Yet, simply telling managers to have regular 1on1 meetings isn’t a panacea. While HR executives and senior leaders are more expert at constructive coaching, young and middle managers may not be. Fortunately, 57 percent of employees prefer corrective feedback and 72 percent say their performance would improve with feedback. So even the 50% of managers who don’t want to give critique for fear of being the “bad guy” now have official license to put peoples’ success in front of the desire to be liked.

 

To boost your people and their performance, use a framework for 1on1s that connects, calibrates and coaches team members. Before the meetings, do two things:

 

First, make sure you’ve shared goals for the quarter to frame progress and priority discussions. Without clarity on what you define as success, people need to guess what matters and what the purpose of their work is.

 

Second, prepare for the meeting itself. Using in-person meetings to run down a list of what someone’s working on or throw more on their plate before understanding what’s already cooking is a formula for unproductive 1on1s. Instead, use weekly status reports or embrace performance and productivity apps to quickly see priorities, workload, and progress before the meeting.

 

Then use your 1on1 meetings to help you team members achieve their best with this framework:

 

  1. Start with “how are you?” Instead of a token opening, really listen to the response. Connect simply as humans to set the stage for coaching and constructive feedback. People are more receptive and engaged when they know you care about them.
  2. Ask whats in their way and how you can help. Help people resolve priority conflicts so they can increase their impact. Get roadblocks out of their way so they can deliver the results you’re expecting. This doesn’t mean doing their job, but rather removing obstacles outside the sphere of their responsibility.
  3. Sync on performance, alignment, and engagement level. If you’re not talking about alignment, you can’t expect it! Your employees want to perform well and be on the same page with you, so be open and compare your perceptions. Letting people know where you think they are in terms of their performance and contributions to work helps them move up and forward.
  4. Uplevel to longer range goals. Use the time together to help people think above the “action item” level. They’ll find it rejuvenating and be able to make better decisions day to day.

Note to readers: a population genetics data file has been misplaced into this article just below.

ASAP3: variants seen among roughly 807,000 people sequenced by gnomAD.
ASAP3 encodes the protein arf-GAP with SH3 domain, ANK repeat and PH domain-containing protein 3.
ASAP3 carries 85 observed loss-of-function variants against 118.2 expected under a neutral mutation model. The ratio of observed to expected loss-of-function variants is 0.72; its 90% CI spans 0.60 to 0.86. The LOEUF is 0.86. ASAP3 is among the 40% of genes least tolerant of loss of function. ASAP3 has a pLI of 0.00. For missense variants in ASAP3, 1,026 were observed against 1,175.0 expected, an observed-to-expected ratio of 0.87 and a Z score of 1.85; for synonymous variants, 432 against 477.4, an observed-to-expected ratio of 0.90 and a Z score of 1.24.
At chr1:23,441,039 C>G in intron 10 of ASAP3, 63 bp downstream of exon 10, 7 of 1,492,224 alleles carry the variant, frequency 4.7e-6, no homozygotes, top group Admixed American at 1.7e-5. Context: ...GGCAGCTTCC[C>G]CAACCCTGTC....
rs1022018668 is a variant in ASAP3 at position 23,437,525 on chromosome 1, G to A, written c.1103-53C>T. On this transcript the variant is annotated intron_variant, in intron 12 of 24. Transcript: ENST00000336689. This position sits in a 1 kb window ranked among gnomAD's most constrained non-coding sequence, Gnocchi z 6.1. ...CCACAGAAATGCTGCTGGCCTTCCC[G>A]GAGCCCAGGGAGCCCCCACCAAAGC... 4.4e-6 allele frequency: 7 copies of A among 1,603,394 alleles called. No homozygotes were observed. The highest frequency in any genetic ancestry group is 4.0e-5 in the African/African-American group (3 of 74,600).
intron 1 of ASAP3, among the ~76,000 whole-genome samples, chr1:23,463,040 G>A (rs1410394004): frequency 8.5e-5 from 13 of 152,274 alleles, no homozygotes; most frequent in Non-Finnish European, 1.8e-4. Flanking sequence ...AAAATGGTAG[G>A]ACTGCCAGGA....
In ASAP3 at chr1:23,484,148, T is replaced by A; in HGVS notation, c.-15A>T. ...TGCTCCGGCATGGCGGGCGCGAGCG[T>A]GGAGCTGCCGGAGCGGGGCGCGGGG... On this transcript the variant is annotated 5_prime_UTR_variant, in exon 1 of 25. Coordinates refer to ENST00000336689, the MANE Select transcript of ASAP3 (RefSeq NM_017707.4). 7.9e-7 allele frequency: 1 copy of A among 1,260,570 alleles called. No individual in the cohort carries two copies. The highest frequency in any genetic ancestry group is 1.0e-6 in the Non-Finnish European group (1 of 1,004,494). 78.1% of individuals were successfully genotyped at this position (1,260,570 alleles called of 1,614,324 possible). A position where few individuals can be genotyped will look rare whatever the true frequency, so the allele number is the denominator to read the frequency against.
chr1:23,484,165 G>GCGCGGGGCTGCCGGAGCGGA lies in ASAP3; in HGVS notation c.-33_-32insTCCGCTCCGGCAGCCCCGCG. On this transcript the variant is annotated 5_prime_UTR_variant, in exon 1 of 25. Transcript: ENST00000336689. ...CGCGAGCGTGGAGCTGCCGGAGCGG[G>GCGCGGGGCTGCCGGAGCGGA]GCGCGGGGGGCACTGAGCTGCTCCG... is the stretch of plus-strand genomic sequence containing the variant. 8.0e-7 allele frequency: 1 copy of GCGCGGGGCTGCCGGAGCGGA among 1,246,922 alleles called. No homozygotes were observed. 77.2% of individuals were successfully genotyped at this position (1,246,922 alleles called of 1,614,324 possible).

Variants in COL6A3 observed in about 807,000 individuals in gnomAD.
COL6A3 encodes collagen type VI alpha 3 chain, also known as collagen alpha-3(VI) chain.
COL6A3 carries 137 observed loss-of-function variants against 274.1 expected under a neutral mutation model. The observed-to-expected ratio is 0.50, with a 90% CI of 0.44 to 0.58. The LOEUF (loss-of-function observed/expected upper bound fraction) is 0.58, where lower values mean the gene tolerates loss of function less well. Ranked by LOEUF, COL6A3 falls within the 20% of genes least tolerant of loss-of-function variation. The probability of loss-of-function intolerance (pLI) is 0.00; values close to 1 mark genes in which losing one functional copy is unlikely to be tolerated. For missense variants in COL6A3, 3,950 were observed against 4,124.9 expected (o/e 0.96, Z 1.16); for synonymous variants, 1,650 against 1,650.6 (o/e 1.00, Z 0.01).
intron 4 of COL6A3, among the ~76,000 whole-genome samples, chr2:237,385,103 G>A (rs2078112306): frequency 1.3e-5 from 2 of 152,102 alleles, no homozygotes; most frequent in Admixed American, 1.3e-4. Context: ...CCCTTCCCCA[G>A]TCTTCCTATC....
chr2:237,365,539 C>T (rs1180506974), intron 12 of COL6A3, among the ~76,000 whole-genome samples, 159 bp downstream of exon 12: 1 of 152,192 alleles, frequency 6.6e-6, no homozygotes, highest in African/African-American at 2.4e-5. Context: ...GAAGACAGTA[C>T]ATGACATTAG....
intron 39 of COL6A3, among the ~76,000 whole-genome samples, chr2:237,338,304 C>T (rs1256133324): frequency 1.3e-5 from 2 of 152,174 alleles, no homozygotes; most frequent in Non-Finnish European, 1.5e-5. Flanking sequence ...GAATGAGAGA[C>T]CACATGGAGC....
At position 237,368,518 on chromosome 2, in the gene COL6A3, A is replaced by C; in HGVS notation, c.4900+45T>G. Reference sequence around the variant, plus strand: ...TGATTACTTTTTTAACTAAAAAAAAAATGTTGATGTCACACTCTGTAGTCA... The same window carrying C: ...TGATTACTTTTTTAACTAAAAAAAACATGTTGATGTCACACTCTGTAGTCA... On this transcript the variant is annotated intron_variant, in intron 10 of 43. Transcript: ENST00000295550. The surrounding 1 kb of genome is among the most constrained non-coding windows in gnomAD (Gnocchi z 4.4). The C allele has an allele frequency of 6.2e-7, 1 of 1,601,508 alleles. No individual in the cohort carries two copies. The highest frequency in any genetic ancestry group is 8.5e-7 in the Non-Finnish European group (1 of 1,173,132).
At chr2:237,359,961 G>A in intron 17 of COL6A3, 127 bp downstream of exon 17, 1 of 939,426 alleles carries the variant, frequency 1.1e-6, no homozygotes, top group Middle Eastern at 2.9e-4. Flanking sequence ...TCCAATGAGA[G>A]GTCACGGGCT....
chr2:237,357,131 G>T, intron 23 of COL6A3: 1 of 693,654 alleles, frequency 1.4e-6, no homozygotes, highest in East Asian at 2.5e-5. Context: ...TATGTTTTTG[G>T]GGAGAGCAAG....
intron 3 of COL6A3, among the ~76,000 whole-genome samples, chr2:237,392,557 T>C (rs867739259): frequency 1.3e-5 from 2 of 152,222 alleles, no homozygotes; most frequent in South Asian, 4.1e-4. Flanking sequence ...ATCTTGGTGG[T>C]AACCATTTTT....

5. Coach for career growth. Help your employees get to the next level by deepening their skills and competencies. What’s the next step they can take and what will you do to help them get there? Follow through on the help you commit to providing and you’ll foster great loyalty and have a lasting impact on their career.

 

Leading people is more important than ever as business gets faster and more complex, but leadership is far from dictatorship. Leaders at all levels must excel at setting clear goals, coaching people to their highest level, and creating a culture of high recognition and accountability. These are the essential elements of performance partnerships within high achieving teams; 1on1s create the conversation around these ingredients that enable leaders, teams, and each member to contribute their best.

 

 

About the Author: Deidre Paknad is CEO and co-founder of Workboard. She shapes its product strategy, customer engagement model, and thought leadership efforts. With decades of experience leading enterprise and startup teams on strategic pursuits, Dedire is passionate about providing tools and insights that help leaders engage their teams in great achievement. 

Deidre is a serial entrepreneur and has founded and led several companies. As CEO of PSS Systems, she and the team created a new market category and inspired deep customer loyalty from ExxonMobil, Citigroup, Travelers, Novartis, Wells Fargo, and many other large enterprises. The company was acquired by IBM in 2010. At IBM, Deidre was Vice President of a fast-growing global business improving information economics for IBM’s enterprise customers. She has been recognized by the Smithsonian for innovation twice and has more than a dozen patents. You can connect with Deidre on Twitter, LinkedIn, or learn more on the Workboard website or blog.